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Portion of an ad for Radiola radio sets in the July 1924 issue of Radio News magazine

‘Speeches Must Be Short’: Radio and the Birth of the Modern Presidential Campaign

The origin of the soundbite can be traced to the 1924 U.S. presidential election, the first one ever covered heavily by a broadcast medium, radio.

 

Presidents’ Day: Just Another Presidential Fable

A number of folk stories and a few divisive rumors have surrounded the office of the U.S. presidency, and skeptical folks like us check a few of them out.

 

Brams: Use Approval Voting in Presidential Primaries

Steven J. Brams says approval voting, in which voters can vote for more than one candidate, is a better way to conduct multiple candidate elections.

 

Nixon’s Presidential Library: The Last Battle of Watergate

Who controls the Nixon Library? A dispute over how to tell the story of his presidency raises questions about the purpose, and legitimacy, of presidential libraries.

 

Obama’s Vow to Cut Oil Imports Sounds Familiar

President Barack Obama sounds like his predecessors when he vows to kick the nation’s addiction to foreign oil.

 

The Ultra-Imperial Presidency

Yale’s Bruce Ackerman, a constitutional scholar, warns that unilateralism in the “most dangerous branch” of government is setting the stage for a tragic future.

 

Mr. President, You’re Right on Schedule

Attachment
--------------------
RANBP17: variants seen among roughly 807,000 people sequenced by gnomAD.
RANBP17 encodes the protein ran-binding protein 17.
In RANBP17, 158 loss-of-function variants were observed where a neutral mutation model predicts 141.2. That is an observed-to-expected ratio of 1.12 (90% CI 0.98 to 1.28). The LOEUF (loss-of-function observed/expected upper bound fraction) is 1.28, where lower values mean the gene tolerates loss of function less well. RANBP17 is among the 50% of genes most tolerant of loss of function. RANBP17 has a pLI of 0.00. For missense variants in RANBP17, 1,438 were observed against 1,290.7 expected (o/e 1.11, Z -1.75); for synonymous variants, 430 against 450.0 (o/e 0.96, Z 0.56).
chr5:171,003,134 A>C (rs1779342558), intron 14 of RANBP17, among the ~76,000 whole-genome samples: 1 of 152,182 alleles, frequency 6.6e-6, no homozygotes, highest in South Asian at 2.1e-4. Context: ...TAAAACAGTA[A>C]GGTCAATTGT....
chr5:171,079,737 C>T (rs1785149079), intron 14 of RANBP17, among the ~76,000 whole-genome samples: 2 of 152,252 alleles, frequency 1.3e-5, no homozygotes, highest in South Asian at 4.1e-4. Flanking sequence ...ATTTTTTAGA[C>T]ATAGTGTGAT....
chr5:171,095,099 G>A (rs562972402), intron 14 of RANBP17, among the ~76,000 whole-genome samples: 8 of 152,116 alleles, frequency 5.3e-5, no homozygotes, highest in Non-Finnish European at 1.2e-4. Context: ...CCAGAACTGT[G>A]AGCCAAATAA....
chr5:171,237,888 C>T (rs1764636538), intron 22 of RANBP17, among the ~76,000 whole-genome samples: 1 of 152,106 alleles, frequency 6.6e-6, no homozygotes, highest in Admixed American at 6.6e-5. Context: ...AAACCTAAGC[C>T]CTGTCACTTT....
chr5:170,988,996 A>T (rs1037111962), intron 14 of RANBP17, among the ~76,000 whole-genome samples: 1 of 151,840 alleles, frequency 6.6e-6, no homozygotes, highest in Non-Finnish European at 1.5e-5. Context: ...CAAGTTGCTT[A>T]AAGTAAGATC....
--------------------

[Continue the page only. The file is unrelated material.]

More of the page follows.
The study of decaying presidential popularity finds Barack Obama’s large point decline in his first year fits into the pattern of all recent chief executives.

 

Congratulations, Obama. Here’s Your Decay Curve.

Researchers analyze the productivity and popularity of new U.S. presidents.

 

Obama Speech Sends Rhetoricians Back to the Future

Candidate’s victory speech at the conclusion of the 2008 Iowa Democratic caucus has political scientists comparing it to ones delivered by icons of oratory from years past.

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How a CEO’s Fiery Battle Speeches Can Shape Ethical Behavior

CEO war speech might inspire ethical decisions internally and unethical ones among competing companies.

Modern Technology Still Doesn’t Protect Americans From Deadly Landslides

No landslide monitoring or warning systems are being used to protect vulnerable communities.

The Link Between Carbs, Gut Microbes, and Colon Cancer

Reduced carb intake among mice protected them from colon cancer.

The New Weapon Against Disease-Spreading Insects Is Big Data

Computer models that pinpoint the likely locations of mosquitoes and tsetse flies are helping officials target vector control efforts.

People Are Clueless About Placebos

Doctors know that sometimes the best medicine is no medicine at all. But how do patients feel about getting duped into recovery?

The Big One

Today, the United States produces less than two percent of the clothing purchased by Americans. In 1990, it produced nearly 50 percent. July/August 2014

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